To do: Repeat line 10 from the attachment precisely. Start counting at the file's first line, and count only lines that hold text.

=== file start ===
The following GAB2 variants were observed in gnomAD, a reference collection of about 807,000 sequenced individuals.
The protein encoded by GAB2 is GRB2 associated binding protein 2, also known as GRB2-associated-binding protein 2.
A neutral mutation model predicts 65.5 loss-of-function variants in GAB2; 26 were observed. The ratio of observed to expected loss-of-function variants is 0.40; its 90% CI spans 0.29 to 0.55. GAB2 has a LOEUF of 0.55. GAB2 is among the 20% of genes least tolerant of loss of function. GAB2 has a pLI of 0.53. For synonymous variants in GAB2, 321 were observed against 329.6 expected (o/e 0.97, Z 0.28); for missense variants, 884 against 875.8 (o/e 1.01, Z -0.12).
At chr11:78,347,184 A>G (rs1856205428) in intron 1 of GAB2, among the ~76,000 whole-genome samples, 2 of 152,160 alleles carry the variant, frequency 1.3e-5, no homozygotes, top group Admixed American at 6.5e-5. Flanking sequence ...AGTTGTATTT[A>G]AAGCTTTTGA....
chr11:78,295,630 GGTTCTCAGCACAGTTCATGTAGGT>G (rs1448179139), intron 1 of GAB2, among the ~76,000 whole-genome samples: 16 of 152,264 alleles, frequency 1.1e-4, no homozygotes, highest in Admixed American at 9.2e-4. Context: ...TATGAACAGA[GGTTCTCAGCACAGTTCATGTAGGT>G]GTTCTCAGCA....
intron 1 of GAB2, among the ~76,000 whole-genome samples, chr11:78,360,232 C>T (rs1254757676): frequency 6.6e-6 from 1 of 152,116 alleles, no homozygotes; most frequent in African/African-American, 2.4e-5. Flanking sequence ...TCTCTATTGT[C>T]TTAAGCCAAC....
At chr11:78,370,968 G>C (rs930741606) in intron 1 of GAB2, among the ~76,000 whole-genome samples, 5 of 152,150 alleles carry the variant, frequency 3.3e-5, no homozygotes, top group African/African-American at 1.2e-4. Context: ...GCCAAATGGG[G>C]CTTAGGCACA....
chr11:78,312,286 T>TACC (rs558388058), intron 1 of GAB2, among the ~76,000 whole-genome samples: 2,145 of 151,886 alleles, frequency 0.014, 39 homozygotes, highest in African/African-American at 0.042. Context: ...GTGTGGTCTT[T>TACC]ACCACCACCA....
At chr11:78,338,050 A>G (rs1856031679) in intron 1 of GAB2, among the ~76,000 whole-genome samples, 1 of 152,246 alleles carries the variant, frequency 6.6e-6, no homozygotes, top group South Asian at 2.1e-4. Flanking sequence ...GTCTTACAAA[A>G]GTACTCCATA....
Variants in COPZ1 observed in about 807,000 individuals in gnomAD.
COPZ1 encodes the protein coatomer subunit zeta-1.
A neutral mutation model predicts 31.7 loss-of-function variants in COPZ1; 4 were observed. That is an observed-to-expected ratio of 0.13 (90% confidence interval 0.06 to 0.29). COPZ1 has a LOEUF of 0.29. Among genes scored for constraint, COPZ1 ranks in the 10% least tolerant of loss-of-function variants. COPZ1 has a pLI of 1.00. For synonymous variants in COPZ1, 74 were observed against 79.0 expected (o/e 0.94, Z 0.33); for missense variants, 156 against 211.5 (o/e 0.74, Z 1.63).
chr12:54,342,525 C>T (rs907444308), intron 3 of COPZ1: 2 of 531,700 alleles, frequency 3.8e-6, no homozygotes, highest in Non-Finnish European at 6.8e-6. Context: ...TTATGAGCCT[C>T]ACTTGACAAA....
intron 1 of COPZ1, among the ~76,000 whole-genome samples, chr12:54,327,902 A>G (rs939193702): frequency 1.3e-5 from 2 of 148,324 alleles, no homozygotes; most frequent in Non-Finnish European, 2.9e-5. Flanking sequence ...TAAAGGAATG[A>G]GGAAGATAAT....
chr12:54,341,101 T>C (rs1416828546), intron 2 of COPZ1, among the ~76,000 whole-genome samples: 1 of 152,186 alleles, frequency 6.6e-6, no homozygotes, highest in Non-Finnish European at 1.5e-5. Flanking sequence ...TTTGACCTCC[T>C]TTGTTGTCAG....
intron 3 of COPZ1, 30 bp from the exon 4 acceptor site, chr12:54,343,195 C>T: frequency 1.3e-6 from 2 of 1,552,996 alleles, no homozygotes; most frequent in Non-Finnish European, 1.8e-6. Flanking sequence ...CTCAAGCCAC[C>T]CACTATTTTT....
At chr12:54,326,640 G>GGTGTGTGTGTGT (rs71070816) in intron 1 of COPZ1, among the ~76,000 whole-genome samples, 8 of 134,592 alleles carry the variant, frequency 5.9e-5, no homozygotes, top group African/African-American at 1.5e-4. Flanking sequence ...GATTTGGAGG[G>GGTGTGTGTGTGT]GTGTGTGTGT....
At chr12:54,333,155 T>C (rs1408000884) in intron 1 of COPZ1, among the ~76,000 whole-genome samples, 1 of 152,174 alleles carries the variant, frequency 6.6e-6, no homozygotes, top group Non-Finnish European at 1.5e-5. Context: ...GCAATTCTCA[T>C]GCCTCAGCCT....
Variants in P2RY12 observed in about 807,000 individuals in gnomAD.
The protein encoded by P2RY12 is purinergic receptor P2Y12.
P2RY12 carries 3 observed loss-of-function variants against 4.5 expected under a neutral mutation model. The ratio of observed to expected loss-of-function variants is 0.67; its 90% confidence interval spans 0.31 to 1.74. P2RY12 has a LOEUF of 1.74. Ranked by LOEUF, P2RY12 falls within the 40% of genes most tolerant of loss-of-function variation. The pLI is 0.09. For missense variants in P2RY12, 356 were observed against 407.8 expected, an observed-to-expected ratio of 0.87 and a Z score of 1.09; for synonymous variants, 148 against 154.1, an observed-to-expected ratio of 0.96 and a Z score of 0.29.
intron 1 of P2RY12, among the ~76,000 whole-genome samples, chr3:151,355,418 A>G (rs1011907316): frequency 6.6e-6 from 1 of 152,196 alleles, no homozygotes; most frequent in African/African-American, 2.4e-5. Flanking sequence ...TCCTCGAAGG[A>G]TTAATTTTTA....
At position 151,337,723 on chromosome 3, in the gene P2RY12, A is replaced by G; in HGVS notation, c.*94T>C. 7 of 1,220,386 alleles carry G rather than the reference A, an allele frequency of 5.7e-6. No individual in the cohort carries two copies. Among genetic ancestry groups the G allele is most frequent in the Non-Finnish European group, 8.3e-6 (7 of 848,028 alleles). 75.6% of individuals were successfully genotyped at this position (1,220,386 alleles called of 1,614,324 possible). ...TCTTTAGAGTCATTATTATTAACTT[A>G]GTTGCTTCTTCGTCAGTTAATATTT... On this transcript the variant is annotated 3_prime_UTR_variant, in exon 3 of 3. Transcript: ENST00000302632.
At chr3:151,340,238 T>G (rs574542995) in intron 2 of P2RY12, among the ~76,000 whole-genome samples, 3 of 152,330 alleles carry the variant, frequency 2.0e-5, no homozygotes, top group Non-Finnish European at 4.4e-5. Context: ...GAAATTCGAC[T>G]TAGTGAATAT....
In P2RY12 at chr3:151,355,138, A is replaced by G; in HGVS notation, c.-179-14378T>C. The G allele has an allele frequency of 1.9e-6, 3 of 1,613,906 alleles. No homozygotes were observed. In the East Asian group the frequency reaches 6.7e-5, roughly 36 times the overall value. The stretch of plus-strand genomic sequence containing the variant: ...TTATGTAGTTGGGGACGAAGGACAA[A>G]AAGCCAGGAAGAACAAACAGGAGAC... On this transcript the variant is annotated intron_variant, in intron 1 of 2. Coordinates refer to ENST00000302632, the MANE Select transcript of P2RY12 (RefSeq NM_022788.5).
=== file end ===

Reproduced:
Variants in COPZ1 observed in about 807,000 individuals in gnomAD.